Kathryn Lopez

"It is with a heavy heart that I write to you about the senseless violence in Tucson today," EMILY's List president Stephanie Schriock wrote as so many of us turned to Arizona and prayed for Rep. Gabrielle Giffords' survival. We prayed for Giffords, her family, and those who were tragically affected by the civic gathering that ended in bloodshed. We gave thanks to God for brave men and women who kept the attack from being even bloodier.

When Giffords was shot in Tucson, it was a jarring confrontation with evil. A child, Christina Green, who was born on 9/11 and was interested in government at a young age, was murdered, as was a federal judge, John Roll, coming from Saturday-morning Mass.

You know their stories by now.

There were prayers. But there was also a lot of noise. Fingers pointed. Accusations made.

More reflection may be in order. More reflection is in order.

It got ugly. I was watching as supposed protectors of civility were at their most uncivil. And I was watching, too, who most of their incivility was aimed at Sarah Palin, who, in no small way, is a person who really shouldn't have been part of the story. The National Organization for Women's president was among those who lead the angry rhetorical attacks on the right, presuming if a Democrat had been shot, the bullets must have come from the right. But there was no evidence of this at the time and the evidence suggests this really wasn't a story about politics but about mental illness.

And then I received EMILY's List's press release, which exists to support female candidates who support legal abortion. Giffords is one of their women. And there was Planned Parenthood's, too.

It was completely coincidental, but when I went back to Planned Parenthood's website later in the week, "Accidents Happen" were the words that jumped out at me.

They jumped out at me and brought me back to former Speaker Nancy Pelosi on the House floor, after the attack. The former Speaker of the House said: " a tragic accident took lives, wounded people in the free expression of ideas."

But it wasn't an accident.

As Schriock wrote and we all know, "a gunman attacked Cong. Gabby Giffords, her staff, and constituents at a public event ... Congresswoman Giffords is fighting for her life, following a bullet entering her brain at close range."

Schriock went on to explain: "I have read your e-mails and letters about her, how inspired you all have been by Gabby. She blazed into our lives as the youngest woman ever elected to the Arizona State Senate, and we all rejoiced with her when she won a congressional seat that had been held by Republicans for 20 years."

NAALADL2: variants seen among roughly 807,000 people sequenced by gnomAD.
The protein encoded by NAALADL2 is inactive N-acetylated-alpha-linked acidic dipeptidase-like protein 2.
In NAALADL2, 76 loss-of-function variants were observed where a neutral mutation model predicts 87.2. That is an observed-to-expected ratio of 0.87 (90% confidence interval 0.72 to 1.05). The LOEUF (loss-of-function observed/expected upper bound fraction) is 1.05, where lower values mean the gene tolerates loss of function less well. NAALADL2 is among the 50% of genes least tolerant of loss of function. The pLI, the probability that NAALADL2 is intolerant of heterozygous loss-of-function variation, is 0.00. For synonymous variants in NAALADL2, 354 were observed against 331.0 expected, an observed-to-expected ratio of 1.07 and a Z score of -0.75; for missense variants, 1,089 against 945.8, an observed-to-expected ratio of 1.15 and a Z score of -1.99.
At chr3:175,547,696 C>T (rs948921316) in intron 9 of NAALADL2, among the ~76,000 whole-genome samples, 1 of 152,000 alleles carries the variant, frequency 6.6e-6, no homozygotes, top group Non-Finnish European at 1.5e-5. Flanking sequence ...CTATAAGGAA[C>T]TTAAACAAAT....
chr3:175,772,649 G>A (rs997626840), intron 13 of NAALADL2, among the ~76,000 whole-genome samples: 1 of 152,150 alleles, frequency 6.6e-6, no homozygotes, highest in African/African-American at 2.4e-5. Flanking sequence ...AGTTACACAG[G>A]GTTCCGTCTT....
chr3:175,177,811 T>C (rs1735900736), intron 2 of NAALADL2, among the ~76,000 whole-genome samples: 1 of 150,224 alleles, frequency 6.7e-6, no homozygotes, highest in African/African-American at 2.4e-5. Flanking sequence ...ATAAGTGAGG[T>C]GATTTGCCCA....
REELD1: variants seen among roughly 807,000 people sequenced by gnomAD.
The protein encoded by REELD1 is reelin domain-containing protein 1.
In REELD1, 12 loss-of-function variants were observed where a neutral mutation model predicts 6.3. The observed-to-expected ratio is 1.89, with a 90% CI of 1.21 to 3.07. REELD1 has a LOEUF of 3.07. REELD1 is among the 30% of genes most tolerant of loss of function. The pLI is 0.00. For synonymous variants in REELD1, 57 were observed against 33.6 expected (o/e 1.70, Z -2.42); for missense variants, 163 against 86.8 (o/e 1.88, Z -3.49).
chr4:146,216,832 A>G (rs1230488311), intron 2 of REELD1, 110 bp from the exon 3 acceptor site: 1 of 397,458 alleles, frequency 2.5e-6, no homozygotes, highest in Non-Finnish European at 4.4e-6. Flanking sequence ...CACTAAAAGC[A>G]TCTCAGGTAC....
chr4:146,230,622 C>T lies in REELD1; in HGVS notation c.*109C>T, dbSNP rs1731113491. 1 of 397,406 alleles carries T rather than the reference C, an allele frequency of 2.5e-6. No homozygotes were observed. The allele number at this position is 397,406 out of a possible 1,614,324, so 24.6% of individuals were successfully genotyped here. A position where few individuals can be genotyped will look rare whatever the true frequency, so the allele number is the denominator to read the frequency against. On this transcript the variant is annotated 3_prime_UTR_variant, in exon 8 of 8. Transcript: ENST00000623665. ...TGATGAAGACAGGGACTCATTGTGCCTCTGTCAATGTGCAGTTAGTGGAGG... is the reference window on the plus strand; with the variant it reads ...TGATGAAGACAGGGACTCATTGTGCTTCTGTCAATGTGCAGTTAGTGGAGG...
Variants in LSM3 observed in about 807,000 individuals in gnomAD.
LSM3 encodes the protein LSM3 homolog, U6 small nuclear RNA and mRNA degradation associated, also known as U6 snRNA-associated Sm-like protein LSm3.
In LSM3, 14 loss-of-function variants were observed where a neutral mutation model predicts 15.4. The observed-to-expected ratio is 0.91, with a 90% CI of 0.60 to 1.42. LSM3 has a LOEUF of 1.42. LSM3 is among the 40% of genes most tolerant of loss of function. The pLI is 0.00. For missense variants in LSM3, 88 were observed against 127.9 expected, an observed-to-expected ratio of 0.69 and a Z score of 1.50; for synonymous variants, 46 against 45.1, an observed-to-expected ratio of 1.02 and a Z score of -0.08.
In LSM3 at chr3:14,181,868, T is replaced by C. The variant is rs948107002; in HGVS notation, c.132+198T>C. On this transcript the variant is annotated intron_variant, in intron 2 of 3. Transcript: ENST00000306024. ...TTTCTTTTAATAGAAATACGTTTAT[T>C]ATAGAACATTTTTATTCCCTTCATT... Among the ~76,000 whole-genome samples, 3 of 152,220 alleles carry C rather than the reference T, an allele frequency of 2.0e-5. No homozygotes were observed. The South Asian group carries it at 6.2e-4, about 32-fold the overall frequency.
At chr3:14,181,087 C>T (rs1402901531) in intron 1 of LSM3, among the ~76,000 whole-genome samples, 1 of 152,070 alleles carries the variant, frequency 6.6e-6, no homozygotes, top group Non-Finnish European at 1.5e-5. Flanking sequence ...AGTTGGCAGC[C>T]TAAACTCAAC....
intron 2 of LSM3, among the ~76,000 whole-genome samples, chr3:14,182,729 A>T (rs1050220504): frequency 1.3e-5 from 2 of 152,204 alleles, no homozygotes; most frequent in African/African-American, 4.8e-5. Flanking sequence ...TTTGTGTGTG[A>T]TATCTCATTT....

I couldn't help but think of other letters. Letters I've been reading for years from mothers who have aborted their babies, often having felt they had little or no support in their struggle to fight for their child's life. Women who know that they did, in fact, end a life. And with all the justifications in the world, there is often a sense of senselessness about it. If only they had the support. If only they didn't have the talking points of a feminist movement intent on telling them the choice to end their child's life is fine, just don't think about him as one. If only they didn't have the moral cover provided by a culture of death -- which includes, in no small way, the law of our land, and the feminist movement.

Schriock also wrote, "Today, I'm reminded of our responsibility to love our neighbors, and to take care of each other."

Gabby Giffords was shot days after a press conference was held by the Chiaroscuro Foundation in New York City to highlight the outrageously high abortion rates in New York City (41 percent). NARAL Pro-Choice NY, a branch of another one of the abortion-rights groups that issued loving statements in support of Rep. Giffords, blasted the press conference and the religious leaders: "these men continue to meddle in women's lives and preach a gospel of shame and stigma while seeking to ban or otherwise limit access to abortion." But really, the news of the press conference was that Catholic archbishop Timothy Dolan was enthusiastically renewing a pledge that the Catholic Church in New York would help any and every mom who sought its aide in having a child. He is taking his responsibility as a shepherd, as a father, as a leader taking responsibility, loving his neighbors, taking care.

Back to EMILY, Schriock wrote, "In the face of violence, we at EMILY's List stand committed to continued service, and to a country that decries violence and embraces steadfast leadership like that of Cong. Giffords."

God bless Rep. Giffords and her family. Her survival is an inspirational marvel and the prayers of EMILY and everyone else are great, uplifting gifts.

These groups I've quoted, and others, fundamentally disagree with me and believe abortion should be legal. But in the face of violence, it's hard to get beyond the fact that we're actually not a country that decries violence against our most innocent. EMILY's List does not. Schriock's statement begs further reflection.

A sick man perpetrated the Tucson tragedy. But all this talk of civility we've been hearing wouldn't be honest if we didn't reflect upon our culture of "senseless violence." If you truly believe in "choice," make sure women know how to make the choice to have their child as an unplanned joy -- for her or an adoptive family open and able to love that human life.

Abortion is a violence we should open our eyes to see and stop rather than suppress and accept. It's one that a civil society can work to stop. Peacefully, with love and support.


Kathryn Lopez

Kathryn Jean Lopez, editor of National Review Online, writes a weekly column of conservative political and social commentary for Newspaper Enterprise Association.